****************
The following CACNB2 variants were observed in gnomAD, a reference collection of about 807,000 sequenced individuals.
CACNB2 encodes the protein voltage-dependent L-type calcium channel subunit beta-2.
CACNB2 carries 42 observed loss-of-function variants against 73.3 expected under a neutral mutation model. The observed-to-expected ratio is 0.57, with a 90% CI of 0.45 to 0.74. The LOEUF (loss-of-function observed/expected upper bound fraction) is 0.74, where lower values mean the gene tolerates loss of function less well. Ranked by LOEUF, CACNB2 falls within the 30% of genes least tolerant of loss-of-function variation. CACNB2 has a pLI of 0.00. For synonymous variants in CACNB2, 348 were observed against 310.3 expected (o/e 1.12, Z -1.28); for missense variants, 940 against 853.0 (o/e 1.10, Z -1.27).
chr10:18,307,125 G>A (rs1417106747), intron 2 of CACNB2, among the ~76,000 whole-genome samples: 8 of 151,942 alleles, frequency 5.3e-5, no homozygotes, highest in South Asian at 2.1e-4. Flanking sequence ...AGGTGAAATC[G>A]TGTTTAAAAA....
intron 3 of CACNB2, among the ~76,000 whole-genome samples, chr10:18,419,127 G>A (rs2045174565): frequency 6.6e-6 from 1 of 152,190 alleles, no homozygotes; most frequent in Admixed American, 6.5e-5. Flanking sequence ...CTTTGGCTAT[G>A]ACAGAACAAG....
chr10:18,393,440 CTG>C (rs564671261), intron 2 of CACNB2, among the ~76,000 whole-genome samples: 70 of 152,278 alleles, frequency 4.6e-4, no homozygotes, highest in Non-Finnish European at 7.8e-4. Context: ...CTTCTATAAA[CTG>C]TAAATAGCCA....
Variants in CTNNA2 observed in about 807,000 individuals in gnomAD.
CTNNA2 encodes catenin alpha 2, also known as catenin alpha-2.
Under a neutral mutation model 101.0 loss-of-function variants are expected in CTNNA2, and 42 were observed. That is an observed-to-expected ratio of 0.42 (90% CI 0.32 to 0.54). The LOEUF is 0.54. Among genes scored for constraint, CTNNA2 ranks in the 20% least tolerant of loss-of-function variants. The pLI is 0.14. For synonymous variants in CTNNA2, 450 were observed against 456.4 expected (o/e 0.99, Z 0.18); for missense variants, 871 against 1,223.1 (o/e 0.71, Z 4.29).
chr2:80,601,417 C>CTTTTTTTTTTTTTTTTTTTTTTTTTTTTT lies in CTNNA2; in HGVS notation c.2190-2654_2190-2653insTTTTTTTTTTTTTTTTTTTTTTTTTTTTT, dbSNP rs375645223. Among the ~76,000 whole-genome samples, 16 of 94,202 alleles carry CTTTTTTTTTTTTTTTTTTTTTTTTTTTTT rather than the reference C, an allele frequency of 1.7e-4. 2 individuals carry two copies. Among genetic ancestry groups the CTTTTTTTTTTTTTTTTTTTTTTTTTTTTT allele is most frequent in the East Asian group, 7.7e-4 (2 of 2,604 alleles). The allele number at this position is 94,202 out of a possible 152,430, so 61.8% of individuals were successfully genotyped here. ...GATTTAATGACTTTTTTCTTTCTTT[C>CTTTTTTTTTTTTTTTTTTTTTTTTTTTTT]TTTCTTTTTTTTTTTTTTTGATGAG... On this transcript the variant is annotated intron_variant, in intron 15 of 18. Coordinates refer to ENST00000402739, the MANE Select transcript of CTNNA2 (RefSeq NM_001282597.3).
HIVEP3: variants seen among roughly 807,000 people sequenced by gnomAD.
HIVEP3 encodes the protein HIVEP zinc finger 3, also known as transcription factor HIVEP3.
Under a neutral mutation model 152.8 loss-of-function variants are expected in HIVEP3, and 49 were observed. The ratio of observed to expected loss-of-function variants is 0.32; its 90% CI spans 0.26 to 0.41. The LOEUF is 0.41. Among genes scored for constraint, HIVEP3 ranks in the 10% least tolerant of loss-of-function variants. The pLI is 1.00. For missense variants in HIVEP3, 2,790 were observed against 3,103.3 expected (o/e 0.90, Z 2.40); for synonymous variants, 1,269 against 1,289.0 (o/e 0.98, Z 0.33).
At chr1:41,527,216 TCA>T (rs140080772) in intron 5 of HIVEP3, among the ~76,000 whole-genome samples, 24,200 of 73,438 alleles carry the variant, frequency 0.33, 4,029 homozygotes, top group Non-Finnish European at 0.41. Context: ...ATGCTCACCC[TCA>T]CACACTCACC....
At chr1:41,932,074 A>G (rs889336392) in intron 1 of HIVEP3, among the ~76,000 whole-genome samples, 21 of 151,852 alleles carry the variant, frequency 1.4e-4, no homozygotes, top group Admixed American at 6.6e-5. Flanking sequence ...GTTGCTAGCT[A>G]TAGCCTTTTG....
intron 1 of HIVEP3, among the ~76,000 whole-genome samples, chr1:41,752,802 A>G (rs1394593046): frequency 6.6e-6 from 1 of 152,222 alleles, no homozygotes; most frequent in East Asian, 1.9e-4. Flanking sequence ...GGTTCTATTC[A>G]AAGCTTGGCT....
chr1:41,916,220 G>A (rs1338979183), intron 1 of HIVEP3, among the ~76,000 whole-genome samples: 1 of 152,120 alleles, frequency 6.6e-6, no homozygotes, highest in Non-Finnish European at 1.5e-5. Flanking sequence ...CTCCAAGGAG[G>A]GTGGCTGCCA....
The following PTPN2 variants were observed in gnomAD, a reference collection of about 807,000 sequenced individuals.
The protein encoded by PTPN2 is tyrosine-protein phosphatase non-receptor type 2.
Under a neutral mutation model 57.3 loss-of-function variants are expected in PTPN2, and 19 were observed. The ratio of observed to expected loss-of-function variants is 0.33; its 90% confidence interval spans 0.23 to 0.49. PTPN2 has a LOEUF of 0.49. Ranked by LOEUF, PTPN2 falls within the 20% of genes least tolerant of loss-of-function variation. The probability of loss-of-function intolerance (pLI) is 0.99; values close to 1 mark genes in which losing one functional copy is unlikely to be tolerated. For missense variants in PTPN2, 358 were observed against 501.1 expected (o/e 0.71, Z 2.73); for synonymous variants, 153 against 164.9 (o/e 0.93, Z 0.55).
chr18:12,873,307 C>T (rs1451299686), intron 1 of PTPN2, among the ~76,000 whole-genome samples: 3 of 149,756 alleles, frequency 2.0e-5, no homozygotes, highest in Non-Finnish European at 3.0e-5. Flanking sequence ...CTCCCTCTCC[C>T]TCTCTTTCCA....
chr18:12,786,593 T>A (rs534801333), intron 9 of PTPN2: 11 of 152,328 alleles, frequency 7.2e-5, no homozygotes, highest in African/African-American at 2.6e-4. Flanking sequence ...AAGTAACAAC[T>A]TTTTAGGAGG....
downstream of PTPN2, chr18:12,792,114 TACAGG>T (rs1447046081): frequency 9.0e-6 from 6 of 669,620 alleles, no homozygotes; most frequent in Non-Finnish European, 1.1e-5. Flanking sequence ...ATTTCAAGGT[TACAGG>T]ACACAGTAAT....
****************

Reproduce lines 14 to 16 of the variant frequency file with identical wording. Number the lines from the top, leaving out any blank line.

At chr1:41,527,216 TCA>T (rs140080772) in intron 5 of HIVEP3, among the ~76,000 whole-genome samples, 24,200 of 73,438 alleles carry the variant, frequency 0.33, 4,029 homozygotes, top group Non-Finnish European at 0.41. Context: ...ATGCTCACCC[TCA>T]CACACTCACC....
At chr1:41,932,074 A>G (rs889336392) in intron 1 of HIVEP3, among the ~76,000 whole-genome samples, 21 of 151,852 alleles carry the variant, frequency 1.4e-4, no homozygotes, top group Admixed American at 6.6e-5. Flanking sequence ...GTTGCTAGCT[A>G]TAGCCTTTTG....
intron 1 of HIVEP3, among the ~76,000 whole-genome samples, chr1:41,752,802 A>G (rs1394593046): frequency 6.6e-6 from 1 of 152,222 alleles, no homozygotes; most frequent in East Asian, 1.9e-4. Flanking sequence ...GGTTCTATTC[A>G]AAGCTTGGCT....